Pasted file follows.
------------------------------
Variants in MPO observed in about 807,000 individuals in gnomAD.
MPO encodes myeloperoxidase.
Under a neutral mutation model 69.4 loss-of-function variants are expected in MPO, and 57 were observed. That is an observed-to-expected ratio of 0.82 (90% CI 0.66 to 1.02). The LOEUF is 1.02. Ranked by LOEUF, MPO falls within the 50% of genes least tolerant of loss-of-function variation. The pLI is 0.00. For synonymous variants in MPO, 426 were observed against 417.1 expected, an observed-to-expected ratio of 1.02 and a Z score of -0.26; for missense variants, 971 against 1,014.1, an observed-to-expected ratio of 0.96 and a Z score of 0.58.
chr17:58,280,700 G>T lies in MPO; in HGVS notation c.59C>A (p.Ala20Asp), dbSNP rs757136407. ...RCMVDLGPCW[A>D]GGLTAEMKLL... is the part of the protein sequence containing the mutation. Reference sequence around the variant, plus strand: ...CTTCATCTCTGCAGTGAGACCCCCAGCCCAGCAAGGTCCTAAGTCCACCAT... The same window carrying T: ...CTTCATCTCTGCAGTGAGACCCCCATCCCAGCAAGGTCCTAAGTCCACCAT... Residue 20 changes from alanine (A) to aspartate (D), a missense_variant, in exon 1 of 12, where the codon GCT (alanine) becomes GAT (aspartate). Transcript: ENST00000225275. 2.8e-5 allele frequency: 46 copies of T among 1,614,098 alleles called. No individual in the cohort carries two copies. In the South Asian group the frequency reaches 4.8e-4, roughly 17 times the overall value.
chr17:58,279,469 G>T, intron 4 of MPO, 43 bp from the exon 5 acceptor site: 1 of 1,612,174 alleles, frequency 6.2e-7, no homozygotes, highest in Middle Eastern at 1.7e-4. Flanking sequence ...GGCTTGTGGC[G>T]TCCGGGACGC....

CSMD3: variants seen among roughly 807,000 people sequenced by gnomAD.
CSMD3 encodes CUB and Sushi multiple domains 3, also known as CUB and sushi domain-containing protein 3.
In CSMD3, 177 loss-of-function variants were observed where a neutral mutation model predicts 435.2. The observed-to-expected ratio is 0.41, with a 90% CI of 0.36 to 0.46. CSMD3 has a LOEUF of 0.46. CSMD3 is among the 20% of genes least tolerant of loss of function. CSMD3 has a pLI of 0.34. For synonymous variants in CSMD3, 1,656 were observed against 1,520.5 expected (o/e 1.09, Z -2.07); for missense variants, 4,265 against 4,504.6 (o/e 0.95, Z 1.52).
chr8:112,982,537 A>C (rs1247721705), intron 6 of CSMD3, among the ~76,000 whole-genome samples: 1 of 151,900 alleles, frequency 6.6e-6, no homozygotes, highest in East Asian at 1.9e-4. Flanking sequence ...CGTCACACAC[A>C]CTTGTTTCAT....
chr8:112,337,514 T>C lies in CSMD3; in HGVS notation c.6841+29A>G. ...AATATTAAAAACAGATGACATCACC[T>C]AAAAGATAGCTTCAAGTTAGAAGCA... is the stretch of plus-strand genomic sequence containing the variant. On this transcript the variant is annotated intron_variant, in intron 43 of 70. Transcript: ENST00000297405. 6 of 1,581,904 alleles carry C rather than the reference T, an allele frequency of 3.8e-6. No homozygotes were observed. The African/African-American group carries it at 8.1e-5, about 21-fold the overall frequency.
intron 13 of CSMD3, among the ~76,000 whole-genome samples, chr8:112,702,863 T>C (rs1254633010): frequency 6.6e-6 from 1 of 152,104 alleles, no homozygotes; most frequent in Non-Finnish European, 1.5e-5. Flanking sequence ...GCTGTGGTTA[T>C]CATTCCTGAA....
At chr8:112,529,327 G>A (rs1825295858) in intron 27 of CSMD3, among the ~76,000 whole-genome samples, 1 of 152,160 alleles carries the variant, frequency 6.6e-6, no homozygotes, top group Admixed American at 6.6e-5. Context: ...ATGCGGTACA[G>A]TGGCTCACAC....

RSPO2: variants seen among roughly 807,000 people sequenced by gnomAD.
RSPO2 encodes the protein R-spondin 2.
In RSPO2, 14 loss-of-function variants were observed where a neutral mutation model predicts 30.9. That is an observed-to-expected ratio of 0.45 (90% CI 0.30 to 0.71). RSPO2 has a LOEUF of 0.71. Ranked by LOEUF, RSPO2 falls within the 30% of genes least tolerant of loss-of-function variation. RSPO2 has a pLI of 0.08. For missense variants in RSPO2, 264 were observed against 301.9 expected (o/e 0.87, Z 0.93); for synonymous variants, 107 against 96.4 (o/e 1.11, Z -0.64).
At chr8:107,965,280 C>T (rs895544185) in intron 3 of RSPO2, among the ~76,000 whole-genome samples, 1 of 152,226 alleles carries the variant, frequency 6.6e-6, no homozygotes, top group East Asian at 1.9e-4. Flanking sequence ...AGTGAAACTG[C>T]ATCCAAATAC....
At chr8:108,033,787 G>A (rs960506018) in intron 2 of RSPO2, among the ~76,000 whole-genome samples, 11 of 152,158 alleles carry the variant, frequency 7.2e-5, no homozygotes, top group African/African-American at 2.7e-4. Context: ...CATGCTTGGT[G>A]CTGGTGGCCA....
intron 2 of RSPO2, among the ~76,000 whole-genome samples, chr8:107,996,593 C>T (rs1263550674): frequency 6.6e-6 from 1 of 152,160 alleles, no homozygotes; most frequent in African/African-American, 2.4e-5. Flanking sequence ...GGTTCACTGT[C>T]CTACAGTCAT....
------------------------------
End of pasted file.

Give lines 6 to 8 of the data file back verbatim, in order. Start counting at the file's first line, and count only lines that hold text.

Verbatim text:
CSMD3: variants seen among roughly 807,000 people sequenced by gnomAD.
CSMD3 encodes CUB and Sushi multiple domains 3, also known as CUB and sushi domain-containing protein 3.
In CSMD3, 177 loss-of-function variants were observed where a neutral mutation model predicts 435.2. The observed-to-expected ratio is 0.41, with a 90% CI of 0.36 to 0.46. CSMD3 has a LOEUF of 0.46. CSMD3 is among the 20% of genes least tolerant of loss of function. CSMD3 has a pLI of 0.34. For synonymous variants in CSMD3, 1,656 were observed against 1,520.5 expected (o/e 1.09, Z -2.07); for missense variants, 4,265 against 4,504.6 (o/e 0.95, Z 1.52).